Friday, September 23, 2016
Latest ranking of U.S. colleges
Our own bespoke US college ranking launches later this year. However, we thought you might like to know which are the top universities in the US based on the highly respected Times Higher Education World University Rankings 2016-2017.
The best universities and colleges in the US number almost 150, and wherever you want to study in America, a top university will not be far away. Almost all the states are represented in the best US universities list. In total, 128 different cities appear in the ranking.
California and New York are the two most represented states among the best American universities with 12 universities each in the ranking, followed by Texas and Massachusetts with nine universities each.
The universities at the very top of the ranking are concentrated in these popular destinations that are well known for their higher education opportunities; the top five are based in California, Massachusetts and New Jersey.
Top 5 universities in the US
1. California Institute of Technology
Relative to the tiny size of the student population, CalTech has an impressive number of successful graduates and affiliates, including 34 Nobel prizewinners, six Turing Award winners, five Fields Medalists and a number of national awards.
There are only 2,243 students at CalTech, and the primary campus in Pasadena, near Los Angeles, covers 124 acres. Almost all undergraduates live on campus.
Across the six faculties there is a focus on science and engineering; the university appears in the top 5 for engineering and technology (#2), physical sciences (#1), and life sciences (#5) rankings in 2016.
In addition to Nobel laureates and top researchers, the CalTech alumni community also includes a number of politicians and public advisers, particularly in positions that deal with science, technology and energy.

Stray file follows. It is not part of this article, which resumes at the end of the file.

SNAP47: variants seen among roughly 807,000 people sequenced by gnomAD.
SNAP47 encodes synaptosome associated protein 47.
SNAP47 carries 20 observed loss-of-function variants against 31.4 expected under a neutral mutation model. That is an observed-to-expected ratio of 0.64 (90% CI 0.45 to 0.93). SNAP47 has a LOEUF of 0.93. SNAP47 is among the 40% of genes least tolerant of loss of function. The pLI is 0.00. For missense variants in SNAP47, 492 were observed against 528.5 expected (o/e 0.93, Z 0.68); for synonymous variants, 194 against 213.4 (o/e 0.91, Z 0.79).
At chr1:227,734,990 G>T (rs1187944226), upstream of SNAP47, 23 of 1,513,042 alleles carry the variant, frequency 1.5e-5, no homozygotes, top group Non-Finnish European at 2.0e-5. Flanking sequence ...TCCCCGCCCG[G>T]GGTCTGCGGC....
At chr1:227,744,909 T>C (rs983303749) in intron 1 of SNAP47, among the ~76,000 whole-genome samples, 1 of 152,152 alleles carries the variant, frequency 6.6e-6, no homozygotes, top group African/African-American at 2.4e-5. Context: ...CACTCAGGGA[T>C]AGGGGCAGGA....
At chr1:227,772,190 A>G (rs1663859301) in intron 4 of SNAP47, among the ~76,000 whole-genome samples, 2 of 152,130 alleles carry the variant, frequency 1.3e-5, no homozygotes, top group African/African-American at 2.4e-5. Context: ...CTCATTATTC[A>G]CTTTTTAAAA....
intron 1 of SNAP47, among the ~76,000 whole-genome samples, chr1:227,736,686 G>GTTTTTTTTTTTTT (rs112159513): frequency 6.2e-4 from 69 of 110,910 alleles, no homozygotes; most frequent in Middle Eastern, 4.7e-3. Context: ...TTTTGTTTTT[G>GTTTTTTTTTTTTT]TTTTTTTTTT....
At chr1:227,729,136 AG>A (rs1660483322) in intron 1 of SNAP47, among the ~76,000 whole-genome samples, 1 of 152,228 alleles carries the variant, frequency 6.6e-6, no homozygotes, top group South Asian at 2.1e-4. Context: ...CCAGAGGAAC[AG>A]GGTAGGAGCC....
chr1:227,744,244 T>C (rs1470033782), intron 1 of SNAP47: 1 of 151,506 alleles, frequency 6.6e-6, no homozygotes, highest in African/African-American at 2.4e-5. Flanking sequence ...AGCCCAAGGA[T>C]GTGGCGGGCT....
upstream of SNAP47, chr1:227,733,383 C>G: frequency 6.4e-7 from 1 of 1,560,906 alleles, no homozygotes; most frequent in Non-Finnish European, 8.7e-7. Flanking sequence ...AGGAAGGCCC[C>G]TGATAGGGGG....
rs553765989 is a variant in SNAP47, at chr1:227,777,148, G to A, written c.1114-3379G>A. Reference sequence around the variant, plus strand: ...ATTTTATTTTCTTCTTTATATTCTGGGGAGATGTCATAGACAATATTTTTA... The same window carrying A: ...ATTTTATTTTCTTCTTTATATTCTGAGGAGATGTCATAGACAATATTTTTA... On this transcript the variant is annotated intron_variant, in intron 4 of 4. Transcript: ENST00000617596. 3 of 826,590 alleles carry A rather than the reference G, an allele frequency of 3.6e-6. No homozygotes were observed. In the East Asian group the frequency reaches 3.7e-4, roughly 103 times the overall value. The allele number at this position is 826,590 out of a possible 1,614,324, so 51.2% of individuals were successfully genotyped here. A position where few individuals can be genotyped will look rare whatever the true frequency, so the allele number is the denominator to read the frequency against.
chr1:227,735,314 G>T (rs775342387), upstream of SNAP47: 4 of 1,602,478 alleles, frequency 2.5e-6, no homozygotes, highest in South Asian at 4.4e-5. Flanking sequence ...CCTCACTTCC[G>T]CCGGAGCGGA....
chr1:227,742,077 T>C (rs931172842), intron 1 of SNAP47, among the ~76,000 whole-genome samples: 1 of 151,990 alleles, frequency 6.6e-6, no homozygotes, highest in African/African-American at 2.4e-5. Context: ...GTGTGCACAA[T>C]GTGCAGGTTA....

All first-year students belong to one of four houses as part of the university’s alternative model to fraternities. There are a number of house traditions and events associated with each house.
The university has the highest proportion of students who continue on to pursue a PhD, and the trope of the CalTech postgraduate has filtered into popular culture; all the main characters in the TV comedy The Big Bang Theory work or study at CalTech.
2. Stanford University
Based right next to Silicon Valley – or Palo Alto – Stanford has had a prominent role in encouraging the high-tech industry to develop in the area.
Many faculty members, students and alumni have founded successful technology companies and start-ups, including Google, Snapchat and Hewlett-Packard.
In total, companies founded by Stanford alumni make $2.7 trillion each year.
The university is often referred to as “the Farm”, as the campus was built on the site of the Stanford family’s Palo Alto Stock Farm. The campus covers 8,180 acres, but more than half the land is not yet developed.
With distinctive sand-coloured, red-roofed buildings, Stanford’s campus is thought to be one of the most beautiful in the world. It contains a number of sculpture gardens and art museums in addition to faculty buildings and a public meditation centre.
As might be expected from one of the best universities in the world, Stanford is highly competitive. The admission rate currently stands at just over 5 per cent.
Of the 15,596 students – most of whom live on campus – 22 per cent are international.
3. Massachusetts Institute of Technology
A long-standing rival of CalTech, MIT also cultivates a strong entrepreneurial culture, which has seen many alumni found notable companies such as Intel and Dropbox.
Unusually, the undergraduate and postgraduate programmes at MIT are not wholly separate; many courses can be taken at either level.
The undergraduate programme is one of the country’s most selective, admitting only 8 per cent of applicants. Engineering and computer science programmes are the most popular among undergraduates.
Thirty-three per cent of the 11,000 students are international, hailing from 154 different countries around the world.